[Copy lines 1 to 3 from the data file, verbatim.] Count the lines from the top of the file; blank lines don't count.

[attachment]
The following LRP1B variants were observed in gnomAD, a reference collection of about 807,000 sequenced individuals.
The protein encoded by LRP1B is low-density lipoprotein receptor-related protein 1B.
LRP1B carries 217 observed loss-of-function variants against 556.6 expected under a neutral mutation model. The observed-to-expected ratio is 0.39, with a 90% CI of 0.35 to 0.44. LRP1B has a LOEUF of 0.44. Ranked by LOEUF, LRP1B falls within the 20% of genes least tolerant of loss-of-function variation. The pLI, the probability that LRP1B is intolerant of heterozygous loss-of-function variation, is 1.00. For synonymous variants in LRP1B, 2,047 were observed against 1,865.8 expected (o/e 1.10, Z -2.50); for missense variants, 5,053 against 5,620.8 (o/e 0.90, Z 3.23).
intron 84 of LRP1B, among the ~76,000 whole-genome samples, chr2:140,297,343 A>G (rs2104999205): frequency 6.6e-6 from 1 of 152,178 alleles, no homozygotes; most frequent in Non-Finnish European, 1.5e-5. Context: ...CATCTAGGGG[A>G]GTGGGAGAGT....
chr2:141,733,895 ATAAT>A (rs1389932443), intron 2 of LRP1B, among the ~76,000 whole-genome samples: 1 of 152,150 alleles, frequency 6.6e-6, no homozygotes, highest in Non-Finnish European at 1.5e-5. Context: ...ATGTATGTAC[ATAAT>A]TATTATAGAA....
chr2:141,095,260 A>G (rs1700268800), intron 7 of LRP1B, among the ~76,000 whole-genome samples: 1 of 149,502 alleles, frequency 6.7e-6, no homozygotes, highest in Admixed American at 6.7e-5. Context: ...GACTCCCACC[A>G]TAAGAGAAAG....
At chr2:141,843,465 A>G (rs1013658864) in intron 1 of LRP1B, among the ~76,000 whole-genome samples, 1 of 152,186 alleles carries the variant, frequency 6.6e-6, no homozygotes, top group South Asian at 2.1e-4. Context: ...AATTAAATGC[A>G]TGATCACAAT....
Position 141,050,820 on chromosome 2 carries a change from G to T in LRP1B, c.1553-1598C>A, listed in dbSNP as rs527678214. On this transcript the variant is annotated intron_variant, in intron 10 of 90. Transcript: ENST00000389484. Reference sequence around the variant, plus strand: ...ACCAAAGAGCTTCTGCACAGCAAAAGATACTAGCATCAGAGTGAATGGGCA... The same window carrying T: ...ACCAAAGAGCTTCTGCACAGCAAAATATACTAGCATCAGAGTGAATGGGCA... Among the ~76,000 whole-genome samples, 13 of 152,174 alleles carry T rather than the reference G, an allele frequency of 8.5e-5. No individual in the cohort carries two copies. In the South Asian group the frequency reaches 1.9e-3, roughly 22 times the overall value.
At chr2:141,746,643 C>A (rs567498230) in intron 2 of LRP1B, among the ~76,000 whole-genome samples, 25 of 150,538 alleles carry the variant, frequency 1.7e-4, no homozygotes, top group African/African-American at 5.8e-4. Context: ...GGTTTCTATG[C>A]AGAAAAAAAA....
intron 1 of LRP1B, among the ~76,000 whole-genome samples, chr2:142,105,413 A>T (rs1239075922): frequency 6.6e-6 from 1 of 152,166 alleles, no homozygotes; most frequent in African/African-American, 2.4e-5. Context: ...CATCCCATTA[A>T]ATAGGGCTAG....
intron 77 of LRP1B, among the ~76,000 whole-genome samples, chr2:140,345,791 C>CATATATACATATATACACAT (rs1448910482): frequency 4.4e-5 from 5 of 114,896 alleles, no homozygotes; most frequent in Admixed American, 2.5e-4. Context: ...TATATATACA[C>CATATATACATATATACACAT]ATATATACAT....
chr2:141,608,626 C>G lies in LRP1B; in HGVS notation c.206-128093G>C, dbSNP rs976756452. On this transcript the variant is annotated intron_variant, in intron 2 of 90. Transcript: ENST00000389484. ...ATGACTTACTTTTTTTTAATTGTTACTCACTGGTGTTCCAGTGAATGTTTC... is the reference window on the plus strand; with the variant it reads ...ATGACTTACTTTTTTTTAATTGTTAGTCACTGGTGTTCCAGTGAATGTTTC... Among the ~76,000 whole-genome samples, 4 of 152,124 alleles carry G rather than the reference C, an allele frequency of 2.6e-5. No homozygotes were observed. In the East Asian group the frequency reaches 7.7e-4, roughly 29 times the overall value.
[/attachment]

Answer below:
The following LRP1B variants were observed in gnomAD, a reference collection of about 807,000 sequenced individuals.
The protein encoded by LRP1B is low-density lipoprotein receptor-related protein 1B.
LRP1B carries 217 observed loss-of-function variants against 556.6 expected under a neutral mutation model. The observed-to-expected ratio is 0.39, with a 90% CI of 0.35 to 0.44. LRP1B has a LOEUF of 0.44. Ranked by LOEUF, LRP1B falls within the 20% of genes least tolerant of loss-of-function variation. The pLI, the probability that LRP1B is intolerant of heterozygous loss-of-function variation, is 1.00. For synonymous variants in LRP1B, 2,047 were observed against 1,865.8 expected (o/e 1.10, Z -2.50); for missense variants, 5,053 against 5,620.8 (o/e 0.90, Z 3.23).